The present trends of demand and supply of rice, in general, revealed that it would be difficult to achieve self-sufficiency in rice production in Nepal at least until the year 2050 under the current rice productivity growth and population growth rate. The improved adoption of technologies and management practices by rice farmers and an enabling environment might encourage farmers to invest more in the future to increase productivity and improve efficiency in milling and marketing.
Rice (Oryza sativa L.) is critical to food and nutrition security (67% of total cereal consumption and 23% of protein intake), employment, and income for farmers in addition to its contribution to the economy in Nepal. It contributes about 20% to Agricultural Gross Domestic Product and 7% to Gross Domestic Product being planted in 1.49 million ha with average productivity of 3.76 mt/ha in 2019.
With improved road infrastructure, urbanization, and higher income mostly due to remittance, more people in the hilly and mountainous regions of Nepal have switched to rice-based diets, thus creating demand for branded fine, aromatic, and long-grain rice. The demand for most of this rice in the market is supplied from India, despite its higher market price.
Insufficient production to meet the demand for fine-quality rice is also contributing to the galloping rice import. A recent study revealed that coarse and medium rice varieties cover nearly 76% of the total milled rice and the share of medium fine and fine rice varieties were 17% and 7%, respectively.
However, the study did not notice even a single case of long and extra-long slender rice varieties being milled in the surveyed area.
Domestic production of rice is not sufficient to meet its growing demand. Therefore, rice import in the country is increasing. In order to achieve rice self-sufficiency, aggregate production needs to be increased.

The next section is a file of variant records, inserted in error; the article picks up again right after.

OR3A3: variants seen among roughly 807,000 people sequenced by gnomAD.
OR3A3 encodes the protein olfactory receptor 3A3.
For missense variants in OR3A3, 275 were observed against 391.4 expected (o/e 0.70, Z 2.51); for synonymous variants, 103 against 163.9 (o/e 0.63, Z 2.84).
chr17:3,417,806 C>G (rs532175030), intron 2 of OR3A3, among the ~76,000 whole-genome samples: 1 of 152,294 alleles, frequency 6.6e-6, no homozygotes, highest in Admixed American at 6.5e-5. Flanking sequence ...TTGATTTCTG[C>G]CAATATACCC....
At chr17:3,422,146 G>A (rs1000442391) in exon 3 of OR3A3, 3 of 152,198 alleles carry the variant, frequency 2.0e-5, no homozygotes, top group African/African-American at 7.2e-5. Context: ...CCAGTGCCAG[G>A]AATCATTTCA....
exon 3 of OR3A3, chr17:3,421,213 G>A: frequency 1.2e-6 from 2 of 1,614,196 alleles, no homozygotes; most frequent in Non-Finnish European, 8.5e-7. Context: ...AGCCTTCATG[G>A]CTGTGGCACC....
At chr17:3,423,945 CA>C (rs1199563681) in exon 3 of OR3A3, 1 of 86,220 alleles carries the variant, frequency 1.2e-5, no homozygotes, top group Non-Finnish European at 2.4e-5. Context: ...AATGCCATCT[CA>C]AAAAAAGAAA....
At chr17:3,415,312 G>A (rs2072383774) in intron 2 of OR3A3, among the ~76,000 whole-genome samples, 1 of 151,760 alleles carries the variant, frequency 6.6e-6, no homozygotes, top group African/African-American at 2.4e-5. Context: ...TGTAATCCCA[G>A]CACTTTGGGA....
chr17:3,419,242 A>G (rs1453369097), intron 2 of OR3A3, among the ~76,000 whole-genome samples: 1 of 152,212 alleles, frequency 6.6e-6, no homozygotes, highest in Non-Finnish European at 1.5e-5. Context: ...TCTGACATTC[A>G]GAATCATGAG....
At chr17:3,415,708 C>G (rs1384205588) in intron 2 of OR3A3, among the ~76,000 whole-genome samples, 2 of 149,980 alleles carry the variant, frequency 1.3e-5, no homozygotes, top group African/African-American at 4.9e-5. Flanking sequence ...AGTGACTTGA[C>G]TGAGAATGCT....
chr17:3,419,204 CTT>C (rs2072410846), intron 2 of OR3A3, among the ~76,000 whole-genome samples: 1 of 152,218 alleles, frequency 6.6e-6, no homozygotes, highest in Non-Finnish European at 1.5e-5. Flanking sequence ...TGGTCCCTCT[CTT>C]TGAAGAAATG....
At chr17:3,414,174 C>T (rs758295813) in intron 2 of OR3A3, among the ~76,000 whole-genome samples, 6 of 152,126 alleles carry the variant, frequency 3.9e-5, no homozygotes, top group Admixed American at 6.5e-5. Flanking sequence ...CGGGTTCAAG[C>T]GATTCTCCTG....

To promote national food security, gaining self-sufficiency in rice production is indispensable. Studies have estimated the demand for rice in Nepal by 2035 but did not include some of the dynamic variables in rice production such as changes in the intervention of improved technology and the likely adverse effects of climate change over a longer period of time.
Moreover, many past studies lacked both short and long-term strategies and action plans to achieve rice self-sufficiency in the country by developing technology-intensive mission programs in different agro-ecologies, production environments, and farming systems.
Rice yield or productivity is a complex phenomenon as it depends on the interaction between genotype (variety), environment, and management. Rice production environments in Nepal are predominantly rainfed, diverse, complex, and stress-prone, where yield fluctuation is common. Available improved technologies, crop management practices and input supply such as access to chemical fertilizer are uncertain and the exposure to climate change (e.g.
drought, floods), the natural disasters and market price fluctuation are frequent.
Despite these in the budget speech of FY 2021/2022 (section 108, the Government of Nepal) ambitiously aimed to be self-sufficient in rice production in the next five years. Hence, the objective of this study was to analyze different static and dynamic scenarios of rice production, supply and demand for the next 10, 20, and 30 years considering the challenges and opportunities in the rice-based production systems of Nepal.